First published in 1993, this book presents a new process approach to library and information services.
First published in 1993, this book presents a new process approach to library and information services. It gives a detailed description of the model of the information search process (ISP) and a framework for a process approach to library and information services. The author has completed substantial new work that expands the concepts and applications of the user-centered process approach presented in the first edition.
Seeking Meaning was first published in 1993. It has since become a widely used professional resource and required reading in library and information science schools in the United States and abroad. This book offers essential knowledge for anyone providing library and information services. Library and information services for intellectual access—the interpretation of information and ideas within sources—and the process of seeking meaning are detailed. Presented is a theoretical framework for a process approach to library and information services, which was developed in a series of studies of the Information Search Process of users. The framework has helped to illuminate the user's perspective of information seeking, and has offered insights into pressing problems of seeking meaning in an overabundance of information.
This second edition incorporates the original research and series of studies that underlie the model of the Information Search Process, including the articulation of an uncertainty principle for library and information services and the concept of a zone of intervention for implementing a process approach. New chapters reflect the authors' studies and ideas in the ten years since the previous publication. Also described are recent studies on the implementation of a process approach to library and information services in education; an investigation of these concepts in the workplace; and a treatment of systems and systems design. A summary of the conceptual perspective and the development of process-oriented services and systems that enable the constructive process of users seeking meaning, with recommendations for further research, make this important contribution an essential text to understand the seeking of meaning through information.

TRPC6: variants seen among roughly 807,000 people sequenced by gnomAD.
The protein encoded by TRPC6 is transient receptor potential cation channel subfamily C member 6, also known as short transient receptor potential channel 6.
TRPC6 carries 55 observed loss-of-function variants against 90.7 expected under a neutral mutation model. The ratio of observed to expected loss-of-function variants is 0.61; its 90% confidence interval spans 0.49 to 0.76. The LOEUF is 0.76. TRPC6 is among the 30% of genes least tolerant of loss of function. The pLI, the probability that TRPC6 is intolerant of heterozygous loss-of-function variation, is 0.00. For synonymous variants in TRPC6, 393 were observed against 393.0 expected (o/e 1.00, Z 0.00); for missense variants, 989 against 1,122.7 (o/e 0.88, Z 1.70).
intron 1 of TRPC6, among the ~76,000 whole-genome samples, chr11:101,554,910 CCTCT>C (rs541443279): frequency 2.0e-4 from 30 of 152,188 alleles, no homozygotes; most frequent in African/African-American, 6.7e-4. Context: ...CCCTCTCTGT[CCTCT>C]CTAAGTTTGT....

List of Figures List of Tables Preface Introduction The Constructive Process in Library and Information Science Theory Learning as a Process The Information Search Process Verification of the Model of the Information Search Process Longitudinal Confirmation of the Information Search Process Uncertainty Principle Roles of Mediators in the Process of Information Seeking Zones of Intervention into the Process of Information Seeking Implementing the Process Approach Information Search Process in the Work Place Process-Oriented Library and Information Services References Author Index Subject Index
Reviews "If anything the Information Search Process [ISP] model is gaining more currency, making this second edition a timely updating. . . . It is certain that the second edition is replacing the first edition on the shelves of universities and colleges. For the practitioner who may have missed Seeking Meaning the first time round, it is not the intimidating read you might expect. Clearly written, well crafted and, given the nature of the book, free for the most part of jargon."—The Electronic Library
"Kuhlthau's Seeking Meaning is a classic text that is recognized worldwide in library and information science. ...significant in the field of library and information science and especially for our understanding of user information seeking behavior."—Library & Information Science Research
"[L]ibrary and information science departments should adopt Seeking Meaning (2nd edition) as a textbook for educating a new generation of reference librarians. Experienced reference librarians should read it for their professional development. Owners of the first edition should consider purchasing the second for its expanded elaboration of the information search model. Librarians who teach bibliographic instruction and/or research methods should incorporate its findings into their curriculum."—The Australian Library Journal